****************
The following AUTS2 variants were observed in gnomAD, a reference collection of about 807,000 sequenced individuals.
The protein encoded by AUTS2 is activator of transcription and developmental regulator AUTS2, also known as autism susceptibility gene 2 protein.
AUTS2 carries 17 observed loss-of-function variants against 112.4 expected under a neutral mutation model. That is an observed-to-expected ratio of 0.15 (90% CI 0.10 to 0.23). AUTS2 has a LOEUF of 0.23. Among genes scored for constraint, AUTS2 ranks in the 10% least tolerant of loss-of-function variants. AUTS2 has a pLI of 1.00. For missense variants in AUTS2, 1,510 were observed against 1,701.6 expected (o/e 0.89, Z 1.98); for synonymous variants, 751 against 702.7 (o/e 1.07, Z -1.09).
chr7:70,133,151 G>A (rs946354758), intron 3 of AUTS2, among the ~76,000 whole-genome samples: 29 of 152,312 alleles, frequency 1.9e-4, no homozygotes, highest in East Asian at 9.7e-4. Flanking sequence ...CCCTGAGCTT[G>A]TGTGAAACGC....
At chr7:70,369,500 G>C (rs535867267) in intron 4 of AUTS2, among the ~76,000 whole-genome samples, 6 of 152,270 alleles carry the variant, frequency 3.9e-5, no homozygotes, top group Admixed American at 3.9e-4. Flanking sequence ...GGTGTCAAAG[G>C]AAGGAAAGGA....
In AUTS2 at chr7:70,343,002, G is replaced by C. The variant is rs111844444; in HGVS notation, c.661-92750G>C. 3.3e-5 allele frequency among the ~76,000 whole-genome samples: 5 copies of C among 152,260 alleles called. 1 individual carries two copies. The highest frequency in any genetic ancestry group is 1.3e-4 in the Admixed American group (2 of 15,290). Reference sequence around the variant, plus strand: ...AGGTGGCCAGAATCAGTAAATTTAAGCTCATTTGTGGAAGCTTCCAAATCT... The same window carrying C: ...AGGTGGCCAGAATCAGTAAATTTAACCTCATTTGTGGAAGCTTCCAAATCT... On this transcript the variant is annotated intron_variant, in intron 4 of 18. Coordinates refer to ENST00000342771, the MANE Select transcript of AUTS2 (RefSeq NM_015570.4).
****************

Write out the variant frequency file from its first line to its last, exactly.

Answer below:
The following AUTS2 variants were observed in gnomAD, a reference collection of about 807,000 sequenced individuals.
The protein encoded by AUTS2 is activator of transcription and developmental regulator AUTS2, also known as autism susceptibility gene 2 protein.
AUTS2 carries 17 observed loss-of-function variants against 112.4 expected under a neutral mutation model. That is an observed-to-expected ratio of 0.15 (90% CI 0.10 to 0.23). AUTS2 has a LOEUF of 0.23. Among genes scored for constraint, AUTS2 ranks in the 10% least tolerant of loss-of-function variants. AUTS2 has a pLI of 1.00. For missense variants in AUTS2, 1,510 were observed against 1,701.6 expected (o/e 0.89, Z 1.98); for synonymous variants, 751 against 702.7 (o/e 1.07, Z -1.09).
chr7:70,133,151 G>A (rs946354758), intron 3 of AUTS2, among the ~76,000 whole-genome samples: 29 of 152,312 alleles, frequency 1.9e-4, no homozygotes, highest in East Asian at 9.7e-4. Flanking sequence ...CCCTGAGCTT[G>A]TGTGAAACGC....
At chr7:70,369,500 G>C (rs535867267) in intron 4 of AUTS2, among the ~76,000 whole-genome samples, 6 of 152,270 alleles carry the variant, frequency 3.9e-5, no homozygotes, top group Admixed American at 3.9e-4. Flanking sequence ...GGTGTCAAAG[G>C]AAGGAAAGGA....
In AUTS2 at chr7:70,343,002, G is replaced by C. The variant is rs111844444; in HGVS notation, c.661-92750G>C. 3.3e-5 allele frequency among the ~76,000 whole-genome samples: 5 copies of C among 152,260 alleles called. 1 individual carries two copies. The highest frequency in any genetic ancestry group is 1.3e-4 in the Admixed American group (2 of 15,290). Reference sequence around the variant, plus strand: ...AGGTGGCCAGAATCAGTAAATTTAAGCTCATTTGTGGAAGCTTCCAAATCT... The same window carrying C: ...AGGTGGCCAGAATCAGTAAATTTAACCTCATTTGTGGAAGCTTCCAAATCT... On this transcript the variant is annotated intron_variant, in intron 4 of 18. Coordinates refer to ENST00000342771, the MANE Select transcript of AUTS2 (RefSeq NM_015570.4).